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Pre-Sepang analysis - can McLaren and Ferrari make strides?

27 Mar 2015

Fernando Alonso's controversial comments attracted plenty of attention on Thursday in Malaysia - but in the background, McLaren were also talking up their chances of making substantial progress this weekend. They might not be expecting to challenge Mercedes - a job that will most likely fall to Ferrari and Williams - but there are at least reasons to Alonso and Jenson Button to be optimistic...

As predicted, McLaren were thrust centre stage yesterday afternoon in the Sepang paddock, as the pre-event press conference became a public forum to question Alonso about his pre-season crash.

The Spaniard suggested a steering problem could have been to blame for the accident, and refuted McLaren's early suggestion that a gust of wind had put him off track. Rather than getting the full facts of the much-discussed session, then, Alonso's demeanour made some wonder whether the full story will ever emerge...

But amid the confusion, Jenson Button reflected a growing optimism within the camp as he backed McLaren to take a step forward relative to his 11th place finish, just outside the points, in the Albert Park season-opener.

"If you look at it from afar you probably won't see any changes, but if you look at the lap times compared to others, I think you will see a change," Button said. "The problem is that we are so far behind that you won't see a position change.

"There will be a good chunk in terms of performance and it comes from the power unit and in terms of cooling but also in terms of aerodynamics as we have got some new parts on the car, which will help.

"You could get the snowball effect where suddenly you find more time than you expect because things start working and fall into place, which is exactly what I'm hoping happens."

Having learned much more with their first race distance under their belt, he also felt that Honda can afford to be a lot more aggressive now that they have firm data on issues such as cooling.

"It was very important for us to get stable temperatures for the first time with the power unit and a lot of useful information came from that race.

"Everyone said if they struggled in Melbourne they are going to struggle here and of course it's more difficult, but before Melbourne we didn't have stabilised temperatures. Now we have them, we can work on which direction we need to go with cooling for this race."

As Button and Alonso's comments reverberated in the paddock, the sound of a lone engine firing up at the other end of the pit lane signalled that F1 racing's 10th team were back in business. After all their software problems in Melbourne, Marussia had got all of their systems talking to one another and can look ahead to participating properly in the weekend's events.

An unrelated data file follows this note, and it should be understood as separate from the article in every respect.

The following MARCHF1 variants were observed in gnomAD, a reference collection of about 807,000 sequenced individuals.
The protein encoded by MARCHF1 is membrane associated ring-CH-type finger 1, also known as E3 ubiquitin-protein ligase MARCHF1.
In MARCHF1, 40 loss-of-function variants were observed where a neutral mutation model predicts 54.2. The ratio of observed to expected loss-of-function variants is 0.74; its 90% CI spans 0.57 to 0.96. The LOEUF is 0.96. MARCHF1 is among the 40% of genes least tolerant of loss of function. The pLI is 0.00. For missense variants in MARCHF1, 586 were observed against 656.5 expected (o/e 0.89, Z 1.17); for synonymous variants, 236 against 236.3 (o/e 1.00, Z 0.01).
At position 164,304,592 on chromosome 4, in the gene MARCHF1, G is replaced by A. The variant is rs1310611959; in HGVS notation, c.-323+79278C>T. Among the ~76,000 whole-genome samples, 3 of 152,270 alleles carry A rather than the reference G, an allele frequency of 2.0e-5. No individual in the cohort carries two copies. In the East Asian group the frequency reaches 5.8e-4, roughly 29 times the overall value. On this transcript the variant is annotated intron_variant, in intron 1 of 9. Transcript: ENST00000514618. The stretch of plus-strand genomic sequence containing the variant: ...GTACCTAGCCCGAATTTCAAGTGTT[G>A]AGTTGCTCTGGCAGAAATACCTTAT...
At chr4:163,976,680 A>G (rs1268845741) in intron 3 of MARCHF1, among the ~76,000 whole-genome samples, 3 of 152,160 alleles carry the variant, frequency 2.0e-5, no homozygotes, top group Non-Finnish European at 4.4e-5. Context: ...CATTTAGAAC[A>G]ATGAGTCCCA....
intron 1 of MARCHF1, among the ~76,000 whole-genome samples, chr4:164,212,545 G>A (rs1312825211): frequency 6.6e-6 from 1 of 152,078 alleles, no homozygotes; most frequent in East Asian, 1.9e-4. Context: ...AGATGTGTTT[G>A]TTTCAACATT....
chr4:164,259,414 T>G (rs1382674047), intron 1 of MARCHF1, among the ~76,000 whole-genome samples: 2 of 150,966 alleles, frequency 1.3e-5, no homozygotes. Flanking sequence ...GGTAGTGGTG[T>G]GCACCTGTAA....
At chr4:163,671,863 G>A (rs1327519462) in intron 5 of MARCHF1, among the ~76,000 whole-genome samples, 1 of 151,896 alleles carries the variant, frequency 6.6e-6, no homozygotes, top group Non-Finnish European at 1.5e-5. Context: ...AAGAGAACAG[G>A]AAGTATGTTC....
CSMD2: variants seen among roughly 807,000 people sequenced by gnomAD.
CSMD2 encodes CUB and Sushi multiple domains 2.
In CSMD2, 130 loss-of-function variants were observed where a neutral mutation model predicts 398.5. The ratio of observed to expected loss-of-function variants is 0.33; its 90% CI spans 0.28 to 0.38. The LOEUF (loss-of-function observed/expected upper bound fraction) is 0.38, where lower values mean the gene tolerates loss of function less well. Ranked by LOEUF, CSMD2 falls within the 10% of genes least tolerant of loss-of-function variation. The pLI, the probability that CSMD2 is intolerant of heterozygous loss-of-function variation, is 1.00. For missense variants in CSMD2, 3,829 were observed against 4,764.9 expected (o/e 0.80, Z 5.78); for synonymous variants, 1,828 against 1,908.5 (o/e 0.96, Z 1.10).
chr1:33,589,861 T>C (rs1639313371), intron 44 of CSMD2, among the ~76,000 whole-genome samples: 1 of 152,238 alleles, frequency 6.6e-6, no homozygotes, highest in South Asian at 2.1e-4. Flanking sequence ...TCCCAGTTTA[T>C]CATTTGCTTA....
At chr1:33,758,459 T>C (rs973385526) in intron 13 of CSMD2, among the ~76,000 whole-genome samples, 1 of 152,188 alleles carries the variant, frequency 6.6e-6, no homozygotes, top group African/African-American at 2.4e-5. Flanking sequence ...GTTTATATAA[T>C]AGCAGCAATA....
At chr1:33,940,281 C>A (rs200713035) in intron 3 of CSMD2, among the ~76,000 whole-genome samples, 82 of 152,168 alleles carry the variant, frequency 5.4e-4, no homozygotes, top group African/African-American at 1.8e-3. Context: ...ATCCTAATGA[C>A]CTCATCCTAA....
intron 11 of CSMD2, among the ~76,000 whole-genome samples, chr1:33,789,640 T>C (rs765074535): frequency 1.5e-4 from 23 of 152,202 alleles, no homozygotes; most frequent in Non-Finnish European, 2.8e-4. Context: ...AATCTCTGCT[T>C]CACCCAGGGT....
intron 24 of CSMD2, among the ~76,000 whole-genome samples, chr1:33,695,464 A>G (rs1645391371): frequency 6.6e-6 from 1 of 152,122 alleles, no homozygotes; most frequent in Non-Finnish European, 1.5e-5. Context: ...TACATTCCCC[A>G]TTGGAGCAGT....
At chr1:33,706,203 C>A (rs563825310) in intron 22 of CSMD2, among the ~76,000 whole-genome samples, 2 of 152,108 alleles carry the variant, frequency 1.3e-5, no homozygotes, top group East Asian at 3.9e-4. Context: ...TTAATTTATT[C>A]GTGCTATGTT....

Williams also had new developments to announce, confirming not only that Valtteri Bottas is fit to race, but that Adrian Sutil has joined as the team's reserve driver for 2015.

Across at Red Bull, team principal Christian Horner began to backtrack on the idea of Mercedes being reined in with some sort of equivalency formula, a suggestion he made in the heat of post-race disappointment in Australia. Their struggles have been in direct contrast to Ferrari, who come into the weekend a resurgent force.

"I think it's the whole package," Kimi Raikkonen said of the improved form of Ferrari's SF15-T. "It's not just the engine. Yes, we improved that a lot but we improved the chassis itself a lot as well. It's the whole package, you cannot just point to one area that has been improved from last year, it's the whole thing.

"I think it's how everybody works; it's one team and things are going in the right direction and people are pushing and doing a good job. Like I said, it's still early days. We still have to work hard and improve things, but so far we have done a good job."

Meanwhile, Lewis Hamilton and Nico Rosberg continued the game of playing down the advantage of the Silver Arrows on a track where they are again expected to lead the way.

"I don't think it's right to say that," Rosberg said when asked if Mercedes would dominate. "Of course our qualifying pace was very strong, yes, but more important is the race pace, and especially from Kimi we saw an extremely strong stint in Australia, so it's not really fair to say that. I think Ferrari especially have definitely closed the gap and are closer than our nearest rival was last year.

"So it's very difficult to say. It's early days, we need to wait and see how it goes here."

He does believe, however, that Sepang offers greater racing possibilities even if he loses out again on pole position, as he did to Hamilton in Australia.

"Qualifying is definitely important in this internal battle, especially since we have the same cars, but it's not everything. We have seen in the past, even in races, playing around the tyre order or things like that, it's still possible to overtake. And this weekend here, there might be a bit more leeway in the strategy to try to launch a better attack."

Hamilton countered: "Winning the first race is just one small step in a long journey and I'm not reading anything into it. Here, the race is really tough with the heat and humidity. But I feel ready for anything right now and the aim is to repeat last year's performance.

"It took me eight attempts to win this race when I finally made it to the top step last year, and I don't plan on waiting that long again..."

David Tremayne